More on Mel P, the Moral Maze and the BBC
She appears on 'The Moral Maze' which is one of BBC radio 4's main programmes tackling the critical issues of the week. Responding to the major moral dilemmas of the day, the programme invites numerous witnesses - usually people directly involved in the debate - to answer questions from a series of panellists. Melanie Phillips is one of these panellists. This puts her into a tax-funded position of authority and because many of the debates and programmes since 2001 have been about Muslims, she has been placed in a position of authority in these debates by the BBC. But Muslims are tax payers too. Muslims have never appeared (as far as I know) on the Moral Maze as panellists but we have appeared as witnesses, numerous times. So in this court of public opinion, the BBC has decided to set up a situation in which we are regularly judged upon but can never take part in (be integrated into) the judgement making. This is while the BBC has run presumably thousands of stories over the years about 'the lack of integration of Muslims', alas, if only they could see the beam in their own collective eye. I will return to this cultural beam later.
Muslims are tax payers too, and the BBC in its wisdom has refused to answer my questions on how many times she has appeared, has spoken in a position of authority on Islam and Muslims and how much she has been paid. The Daily Mail - for which Melanie Philips writes - recently complained about Alistair Campbell being paid by the BBC, insiders estimate that he has been paid £50,000 by the BBC over the last two years. Well, since the BBC won't tell me how much Melanie Phillips has been paid over the last seven years, I am going to guess. I guess that a nationally syndicated journalist appearing as a panellist on a flagship programme for radio 4 at peak times for about an hour is paid about £1,000 per programme. There are approximately forty Moral Mazes per year, so that's £40,000 per year. This is then multiplied by seven so that's £280,000 since 2001 from tax payer's money. It's a guess, so it could be more than this and it could be less than this. I believe though that this guess is wrong and that we have the right to know since she she publicly calls for taming people like me, changing the way I practise my religion and the legitimacy of torture. I call for a collective complaint against the Moral Maze by Muslims of all professions and persuasions. It is not acceptable that the BBC uses tax payer's money to put someone into a position of authority like this. Those who would like to be a part of this, please get in touch with me. Many Muslims I know get very upset by stories that they hear about torture carried out by US forces such as the alleged torture of Aafia Siddiqui, well, Melanie Phillips argues that it is legitimate as she has recently done on the Moral Maze.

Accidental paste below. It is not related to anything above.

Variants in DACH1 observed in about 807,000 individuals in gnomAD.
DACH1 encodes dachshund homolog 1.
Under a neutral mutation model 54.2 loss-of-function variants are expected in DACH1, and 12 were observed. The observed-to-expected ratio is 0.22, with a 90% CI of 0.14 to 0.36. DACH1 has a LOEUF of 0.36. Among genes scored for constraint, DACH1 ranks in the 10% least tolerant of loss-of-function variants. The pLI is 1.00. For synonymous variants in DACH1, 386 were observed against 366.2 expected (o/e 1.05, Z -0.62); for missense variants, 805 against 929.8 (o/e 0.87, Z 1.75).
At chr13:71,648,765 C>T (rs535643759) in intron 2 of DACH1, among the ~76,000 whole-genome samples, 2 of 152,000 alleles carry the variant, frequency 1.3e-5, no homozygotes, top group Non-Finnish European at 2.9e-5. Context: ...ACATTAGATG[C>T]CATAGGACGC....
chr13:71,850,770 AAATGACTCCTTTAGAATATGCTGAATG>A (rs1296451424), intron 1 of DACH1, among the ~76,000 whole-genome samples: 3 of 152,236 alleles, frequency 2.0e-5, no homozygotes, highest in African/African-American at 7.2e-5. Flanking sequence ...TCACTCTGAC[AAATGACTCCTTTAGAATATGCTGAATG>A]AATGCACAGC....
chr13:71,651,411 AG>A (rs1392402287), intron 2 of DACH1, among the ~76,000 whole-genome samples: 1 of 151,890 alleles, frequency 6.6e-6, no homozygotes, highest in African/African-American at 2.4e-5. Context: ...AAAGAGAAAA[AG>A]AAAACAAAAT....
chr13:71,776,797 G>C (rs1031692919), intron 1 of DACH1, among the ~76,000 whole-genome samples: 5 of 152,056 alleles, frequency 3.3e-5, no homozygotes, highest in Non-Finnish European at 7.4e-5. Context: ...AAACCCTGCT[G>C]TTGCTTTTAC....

As if to make matters worse and to prove the point, radio 4's Moral Maze decided to invite an Asian person on as a panellist: Kenan Malik, who has recently started. Kenan Malik is only really involved in one debate in this country and that is the 'race and multiculturalism' debate. He also has a healthy interest in Muslims, though is not far as as I am aware a Muslim. In fact, his involvement in this debate includes a programme for Channel 4 (a channel which was created to make cultural space for Britian's minorities!) on - wait for it - 'the Islamophobia myth'. Kenan Malik wrote this week for the Guardian in which he suggested that Muslims should put up with the pain of being offended. This is the multicultural addition to the Moral Maze, a brilliant example of the assimilationist ethic at work.
Anyway, in this article, Malik refers to numerous examples of self-censorship at work. What surprised me, and I suppose didn't surprise me, was the number of instances of anti-Muslim representation in culture - which if one treats culture as some form of organism shows that anti-Muslim representation is alive and well, whether it is open or not. Is this important? Of course it is. Is someone seriously suggesting that culture and violence are not related?
Anyway, back to the complaint. If you would like to contribute to a letter to the BBC Trust and the Department of Culture, Media and Sport which funds the BBC against the Moral Maze then please get in touch with me. The Moral Maze has no credibility in Muslim eyes and it is time for it to change.
You should also keep in mind that another section of the BBC is at present being investigated for anti-Muslim bias by Stephen Whittle. I would suggest that anti-Muslim bias is not solely located within one department. The Moral Maze and radio 4 may retort that there are no middle class Muslims who are capable enough to take part in these debates. The Guardian has proved this to be a lie through its Comment is Free pages which have allowed many Muslims to enter into debates which affect them and argue their corner in fair terms. The Guardian, though it is not tax-funded, is fairer than the BBC in this regard. I am sure that if the BBC tries hard enough, may be even trains a few people, it will find that there are people out there who can step into these positions. This is after all the great lie in the freedom of speech debate. Freedom of speech without the power and ability to get your point across is of no use to anyone. Kenan Malik may complain of a lack of free speech, but it is he who occupies a position of power in a debate that affects others.